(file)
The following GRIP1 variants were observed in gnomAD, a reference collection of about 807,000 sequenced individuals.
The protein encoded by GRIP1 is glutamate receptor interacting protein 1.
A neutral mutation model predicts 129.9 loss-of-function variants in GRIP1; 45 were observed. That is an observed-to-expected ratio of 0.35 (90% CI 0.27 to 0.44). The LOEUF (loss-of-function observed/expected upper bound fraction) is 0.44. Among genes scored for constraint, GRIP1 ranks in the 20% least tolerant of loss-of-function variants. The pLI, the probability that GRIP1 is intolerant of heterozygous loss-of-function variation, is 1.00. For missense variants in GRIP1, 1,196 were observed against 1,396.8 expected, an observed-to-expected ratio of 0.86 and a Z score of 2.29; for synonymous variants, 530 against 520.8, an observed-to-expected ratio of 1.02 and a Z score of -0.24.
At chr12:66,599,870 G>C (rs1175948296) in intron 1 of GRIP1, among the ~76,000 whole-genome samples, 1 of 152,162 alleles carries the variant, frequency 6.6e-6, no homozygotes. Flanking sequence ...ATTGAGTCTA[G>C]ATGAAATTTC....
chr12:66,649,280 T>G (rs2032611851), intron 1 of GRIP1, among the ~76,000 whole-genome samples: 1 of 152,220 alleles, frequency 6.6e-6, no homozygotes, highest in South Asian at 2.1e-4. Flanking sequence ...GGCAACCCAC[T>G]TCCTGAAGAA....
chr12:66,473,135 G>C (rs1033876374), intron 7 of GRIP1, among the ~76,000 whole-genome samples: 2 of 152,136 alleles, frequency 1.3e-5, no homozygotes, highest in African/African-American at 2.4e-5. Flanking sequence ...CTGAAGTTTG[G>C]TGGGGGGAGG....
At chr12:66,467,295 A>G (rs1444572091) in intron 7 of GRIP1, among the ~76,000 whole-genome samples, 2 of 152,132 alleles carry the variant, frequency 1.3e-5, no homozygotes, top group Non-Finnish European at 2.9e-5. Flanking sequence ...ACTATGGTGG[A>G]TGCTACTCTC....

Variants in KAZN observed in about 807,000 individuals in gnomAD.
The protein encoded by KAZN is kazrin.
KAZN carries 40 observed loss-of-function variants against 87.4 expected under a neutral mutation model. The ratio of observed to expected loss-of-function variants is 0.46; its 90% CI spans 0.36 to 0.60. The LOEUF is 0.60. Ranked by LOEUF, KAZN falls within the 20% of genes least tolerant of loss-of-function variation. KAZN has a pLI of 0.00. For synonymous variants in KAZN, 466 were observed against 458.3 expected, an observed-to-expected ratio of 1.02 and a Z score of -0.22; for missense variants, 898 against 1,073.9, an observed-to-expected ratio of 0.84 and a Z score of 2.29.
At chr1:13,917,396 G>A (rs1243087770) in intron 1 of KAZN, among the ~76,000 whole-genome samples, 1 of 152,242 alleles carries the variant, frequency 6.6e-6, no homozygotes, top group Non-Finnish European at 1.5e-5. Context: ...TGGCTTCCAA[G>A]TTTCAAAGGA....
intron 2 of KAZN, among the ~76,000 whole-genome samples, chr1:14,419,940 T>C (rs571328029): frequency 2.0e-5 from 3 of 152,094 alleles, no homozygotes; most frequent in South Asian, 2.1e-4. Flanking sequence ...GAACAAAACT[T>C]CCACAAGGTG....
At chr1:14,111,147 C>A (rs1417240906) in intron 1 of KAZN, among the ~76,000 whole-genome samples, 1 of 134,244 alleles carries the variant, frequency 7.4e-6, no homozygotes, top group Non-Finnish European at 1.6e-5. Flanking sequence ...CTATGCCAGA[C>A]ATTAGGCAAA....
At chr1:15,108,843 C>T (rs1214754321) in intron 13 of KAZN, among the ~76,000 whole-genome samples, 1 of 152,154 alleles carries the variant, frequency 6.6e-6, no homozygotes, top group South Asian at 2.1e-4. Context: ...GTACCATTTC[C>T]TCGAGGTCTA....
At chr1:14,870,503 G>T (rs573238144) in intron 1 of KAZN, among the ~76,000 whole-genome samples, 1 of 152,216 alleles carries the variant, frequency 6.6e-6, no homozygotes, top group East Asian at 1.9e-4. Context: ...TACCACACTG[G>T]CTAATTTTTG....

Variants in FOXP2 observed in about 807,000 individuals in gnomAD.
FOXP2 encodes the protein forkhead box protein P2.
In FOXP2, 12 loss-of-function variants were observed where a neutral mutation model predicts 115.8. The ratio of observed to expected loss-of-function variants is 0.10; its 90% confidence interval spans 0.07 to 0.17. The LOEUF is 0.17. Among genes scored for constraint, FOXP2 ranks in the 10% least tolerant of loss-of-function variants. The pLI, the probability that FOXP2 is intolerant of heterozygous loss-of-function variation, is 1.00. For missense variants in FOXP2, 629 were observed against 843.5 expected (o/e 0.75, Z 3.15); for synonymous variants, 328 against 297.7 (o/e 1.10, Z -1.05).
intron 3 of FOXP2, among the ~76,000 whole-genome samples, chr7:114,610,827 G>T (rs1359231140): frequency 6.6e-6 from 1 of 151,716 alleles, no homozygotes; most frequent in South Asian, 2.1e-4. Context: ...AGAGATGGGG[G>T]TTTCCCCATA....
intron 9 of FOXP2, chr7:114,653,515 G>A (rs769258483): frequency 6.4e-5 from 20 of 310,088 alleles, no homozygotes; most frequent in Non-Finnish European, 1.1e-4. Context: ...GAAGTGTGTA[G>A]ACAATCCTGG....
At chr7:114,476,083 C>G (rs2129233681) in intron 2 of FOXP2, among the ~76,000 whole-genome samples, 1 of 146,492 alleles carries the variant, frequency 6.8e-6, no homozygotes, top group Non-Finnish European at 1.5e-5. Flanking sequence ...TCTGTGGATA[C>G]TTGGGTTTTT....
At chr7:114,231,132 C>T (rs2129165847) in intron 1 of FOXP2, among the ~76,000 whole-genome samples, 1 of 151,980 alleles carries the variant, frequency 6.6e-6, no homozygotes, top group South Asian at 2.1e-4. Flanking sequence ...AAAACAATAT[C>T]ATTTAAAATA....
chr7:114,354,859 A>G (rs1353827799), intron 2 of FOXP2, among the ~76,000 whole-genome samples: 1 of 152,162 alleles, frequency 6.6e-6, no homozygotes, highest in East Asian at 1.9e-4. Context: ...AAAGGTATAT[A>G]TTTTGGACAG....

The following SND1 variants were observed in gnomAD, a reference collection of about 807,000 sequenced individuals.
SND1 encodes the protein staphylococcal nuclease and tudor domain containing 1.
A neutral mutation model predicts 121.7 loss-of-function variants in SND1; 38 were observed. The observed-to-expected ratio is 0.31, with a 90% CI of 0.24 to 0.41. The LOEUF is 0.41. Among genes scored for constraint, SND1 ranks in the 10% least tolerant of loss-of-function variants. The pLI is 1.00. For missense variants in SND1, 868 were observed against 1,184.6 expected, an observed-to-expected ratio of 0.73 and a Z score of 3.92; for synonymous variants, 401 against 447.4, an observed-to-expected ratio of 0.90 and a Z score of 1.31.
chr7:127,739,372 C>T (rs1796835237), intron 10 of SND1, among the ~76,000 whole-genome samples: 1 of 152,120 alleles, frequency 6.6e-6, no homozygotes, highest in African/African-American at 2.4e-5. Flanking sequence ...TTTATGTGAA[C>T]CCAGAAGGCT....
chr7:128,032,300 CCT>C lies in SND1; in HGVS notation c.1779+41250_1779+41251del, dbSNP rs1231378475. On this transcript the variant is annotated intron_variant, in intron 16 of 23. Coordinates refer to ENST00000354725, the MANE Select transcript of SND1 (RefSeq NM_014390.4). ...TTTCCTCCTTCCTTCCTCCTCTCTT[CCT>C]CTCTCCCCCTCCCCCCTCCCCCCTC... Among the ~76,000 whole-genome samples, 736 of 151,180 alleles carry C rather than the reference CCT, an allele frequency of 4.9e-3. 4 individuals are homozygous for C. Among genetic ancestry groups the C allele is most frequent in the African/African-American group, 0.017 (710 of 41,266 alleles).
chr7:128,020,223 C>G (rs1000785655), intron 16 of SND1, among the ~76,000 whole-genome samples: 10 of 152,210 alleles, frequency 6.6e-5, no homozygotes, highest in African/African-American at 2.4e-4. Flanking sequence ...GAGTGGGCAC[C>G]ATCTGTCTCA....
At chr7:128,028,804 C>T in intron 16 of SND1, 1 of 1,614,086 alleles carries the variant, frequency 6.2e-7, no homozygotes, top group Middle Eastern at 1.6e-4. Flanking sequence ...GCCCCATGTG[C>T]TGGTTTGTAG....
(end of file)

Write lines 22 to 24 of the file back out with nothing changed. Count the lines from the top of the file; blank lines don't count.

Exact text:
At chr7:114,231,132 C>T (rs2129165847) in intron 1 of FOXP2, among the ~76,000 whole-genome samples, 1 of 151,980 alleles carries the variant, frequency 6.6e-6, no homozygotes, top group South Asian at 2.1e-4. Flanking sequence ...AAAACAATAT[C>T]ATTTAAAATA....
chr7:114,354,859 A>G (rs1353827799), intron 2 of FOXP2, among the ~76,000 whole-genome samples: 1 of 152,162 alleles, frequency 6.6e-6, no homozygotes, highest in East Asian at 1.9e-4. Context: ...AAAGGTATAT[A>G]TTTTGGACAG....

The following SND1 variants were observed in gnomAD, a reference collection of about 807,000 sequenced individuals.